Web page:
Aussie Developers: How Do You Juggle Passion Projects And Life Balance?


Gizmodo’s Developers Cubed series offers a behind the scenes look into Australia’s up and coming dev scene. This week: how do you balance a successful job, a young family and your passion for developing great games? How does one maintain their passion with so much other important stuff going on at once?

Who are you and where do you work?

My name is Douglas Warouw I'm a broadcast graphic designer by day and an indie game developer by night. Or should I say after midnight, once I have sorted out all my family commitments.

Why do we know you? What have you created?

Some of my work in the broadcast graphics space you may have seen before, namely for ABC News 24 and design for ABC Federal Election coverage. In July this year I released my first game for the iPad called Tesseract.

What platforms do you develop for?

Currently I'm developing for mobile namely iOS but intend to branch out into Android.

What are you working on right now?

My current project is an iPhone and iPad game called Zombie Tales. It's a first person zombie shooter creator. The focus of my games is democratising the FPS genre that's why all my game have included level editors and incentives for the user to create levels and share them.

Why do you make the games you make?

As a player I come from a console background and I love my console but as life moves forward my commitment to playing games gets put to the bottom of the pile and I've embraced mobile games. However as I discovered 90% of mobile games are dumbed down for mobile and so my focus is on creating games that try to reproduce a console feel.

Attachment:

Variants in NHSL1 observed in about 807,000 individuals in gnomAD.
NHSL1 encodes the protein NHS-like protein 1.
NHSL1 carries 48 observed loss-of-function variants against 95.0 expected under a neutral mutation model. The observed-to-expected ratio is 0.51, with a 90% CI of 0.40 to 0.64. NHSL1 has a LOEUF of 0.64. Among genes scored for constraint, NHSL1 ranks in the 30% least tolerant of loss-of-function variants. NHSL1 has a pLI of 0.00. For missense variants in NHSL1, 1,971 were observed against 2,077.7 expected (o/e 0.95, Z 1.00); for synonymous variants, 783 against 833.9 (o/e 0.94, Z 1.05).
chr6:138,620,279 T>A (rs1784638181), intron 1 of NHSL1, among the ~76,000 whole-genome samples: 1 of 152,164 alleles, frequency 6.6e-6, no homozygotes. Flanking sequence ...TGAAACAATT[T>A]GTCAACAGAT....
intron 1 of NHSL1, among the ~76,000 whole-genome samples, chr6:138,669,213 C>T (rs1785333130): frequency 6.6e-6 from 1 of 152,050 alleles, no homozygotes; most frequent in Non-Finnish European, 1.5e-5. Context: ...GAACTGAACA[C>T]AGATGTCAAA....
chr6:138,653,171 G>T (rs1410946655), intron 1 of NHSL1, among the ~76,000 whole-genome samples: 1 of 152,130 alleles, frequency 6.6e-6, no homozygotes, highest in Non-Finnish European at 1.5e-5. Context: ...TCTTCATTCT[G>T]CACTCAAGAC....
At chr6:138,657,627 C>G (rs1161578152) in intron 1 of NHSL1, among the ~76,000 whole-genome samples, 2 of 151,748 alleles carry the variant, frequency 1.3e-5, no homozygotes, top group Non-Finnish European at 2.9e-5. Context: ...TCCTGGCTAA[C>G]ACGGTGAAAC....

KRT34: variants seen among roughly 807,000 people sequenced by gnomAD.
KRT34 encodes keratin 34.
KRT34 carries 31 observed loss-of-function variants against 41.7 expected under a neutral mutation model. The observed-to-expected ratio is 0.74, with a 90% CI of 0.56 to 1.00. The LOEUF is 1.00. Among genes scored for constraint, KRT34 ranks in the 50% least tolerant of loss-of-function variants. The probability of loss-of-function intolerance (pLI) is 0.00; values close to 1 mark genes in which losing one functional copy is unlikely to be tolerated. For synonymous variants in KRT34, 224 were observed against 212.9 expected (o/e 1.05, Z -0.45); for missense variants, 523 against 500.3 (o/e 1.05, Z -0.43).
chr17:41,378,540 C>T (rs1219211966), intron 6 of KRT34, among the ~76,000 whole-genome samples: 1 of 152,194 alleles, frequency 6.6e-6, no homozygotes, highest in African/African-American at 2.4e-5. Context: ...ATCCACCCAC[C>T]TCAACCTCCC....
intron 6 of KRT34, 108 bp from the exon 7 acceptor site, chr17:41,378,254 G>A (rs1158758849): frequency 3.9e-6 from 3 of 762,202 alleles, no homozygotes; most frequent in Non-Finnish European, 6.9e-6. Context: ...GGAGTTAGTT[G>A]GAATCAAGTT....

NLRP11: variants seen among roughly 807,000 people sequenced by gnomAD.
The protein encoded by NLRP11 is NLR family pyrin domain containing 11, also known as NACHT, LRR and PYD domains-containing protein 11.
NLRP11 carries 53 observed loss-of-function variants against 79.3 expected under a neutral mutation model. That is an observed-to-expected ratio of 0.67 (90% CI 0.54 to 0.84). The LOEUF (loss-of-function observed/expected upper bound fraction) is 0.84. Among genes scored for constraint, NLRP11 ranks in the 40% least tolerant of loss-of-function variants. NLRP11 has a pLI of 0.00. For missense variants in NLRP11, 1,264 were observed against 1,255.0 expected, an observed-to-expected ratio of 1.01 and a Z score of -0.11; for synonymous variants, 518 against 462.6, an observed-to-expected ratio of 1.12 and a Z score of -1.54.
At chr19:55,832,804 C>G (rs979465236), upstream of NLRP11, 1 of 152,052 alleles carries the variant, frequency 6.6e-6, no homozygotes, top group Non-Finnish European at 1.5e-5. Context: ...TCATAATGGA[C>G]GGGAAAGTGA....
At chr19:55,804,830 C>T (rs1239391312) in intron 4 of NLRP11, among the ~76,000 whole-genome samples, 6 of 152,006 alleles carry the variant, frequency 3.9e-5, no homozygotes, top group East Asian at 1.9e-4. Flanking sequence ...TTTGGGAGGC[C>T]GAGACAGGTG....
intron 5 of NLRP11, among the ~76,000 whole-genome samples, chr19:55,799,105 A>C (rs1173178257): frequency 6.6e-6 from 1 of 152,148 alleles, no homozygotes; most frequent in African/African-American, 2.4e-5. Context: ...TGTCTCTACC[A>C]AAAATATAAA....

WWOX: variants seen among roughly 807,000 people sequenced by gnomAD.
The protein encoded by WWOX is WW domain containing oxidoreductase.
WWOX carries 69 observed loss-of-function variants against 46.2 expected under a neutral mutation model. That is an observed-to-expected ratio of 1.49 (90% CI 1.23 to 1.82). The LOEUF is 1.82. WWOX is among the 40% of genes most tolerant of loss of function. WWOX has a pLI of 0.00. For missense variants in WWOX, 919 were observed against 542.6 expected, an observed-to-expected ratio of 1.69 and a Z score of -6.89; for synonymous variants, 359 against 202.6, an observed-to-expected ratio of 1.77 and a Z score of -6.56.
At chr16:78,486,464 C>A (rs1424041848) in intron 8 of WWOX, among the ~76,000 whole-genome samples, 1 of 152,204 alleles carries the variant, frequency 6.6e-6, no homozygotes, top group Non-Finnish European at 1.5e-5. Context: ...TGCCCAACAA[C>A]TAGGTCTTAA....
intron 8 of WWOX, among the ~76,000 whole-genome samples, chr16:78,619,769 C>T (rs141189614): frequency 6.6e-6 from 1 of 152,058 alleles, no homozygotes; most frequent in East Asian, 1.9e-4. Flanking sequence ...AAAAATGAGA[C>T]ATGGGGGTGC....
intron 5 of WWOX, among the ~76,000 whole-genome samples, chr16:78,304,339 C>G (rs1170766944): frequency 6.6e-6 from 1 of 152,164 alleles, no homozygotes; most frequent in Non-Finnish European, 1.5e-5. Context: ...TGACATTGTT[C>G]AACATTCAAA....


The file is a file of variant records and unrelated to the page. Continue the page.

What’s your favourite app that you didn’t create?

The app that inspired me to create games is Dead Space for iPad. Once I played through it it was clear to me that games can be immersive engaging and impressive all in the palm of your hand.

What phone do you use?

Currently I have an iPhone for my main phone, and in all honesty I would have a Samsung Galaxy if I wasn't developing for iOS.

What advice do you have for budding Aussie developers out there?

One the things I learned since I started my quest 2 years ago to make games I care about, is that motivation and inspiration are the key. Be self-motivated, know one will make your game for you. And I know that isn't always easy so get inspired by playing games especially indie games. But don't just play. Use that inspiration for motivation.


Comments

    Was actually hoping for more on the headline subject instead of just "work after midnight". The questions in the first paragraph don't appear to have been answered.

    Instead of just complaining though here's some of my thoughts:

    If at all possible, work on your passion project first thing in the morning. The motivation to work on side projects is really low after doing everything else you need to do in a day like your job, dinner, bath-time and putting kids to bed.

    Further to that, make sure you're getting enough sleep. It's hard enough keeping your energy levels up without skipping sleep to work on your project at 1-3am.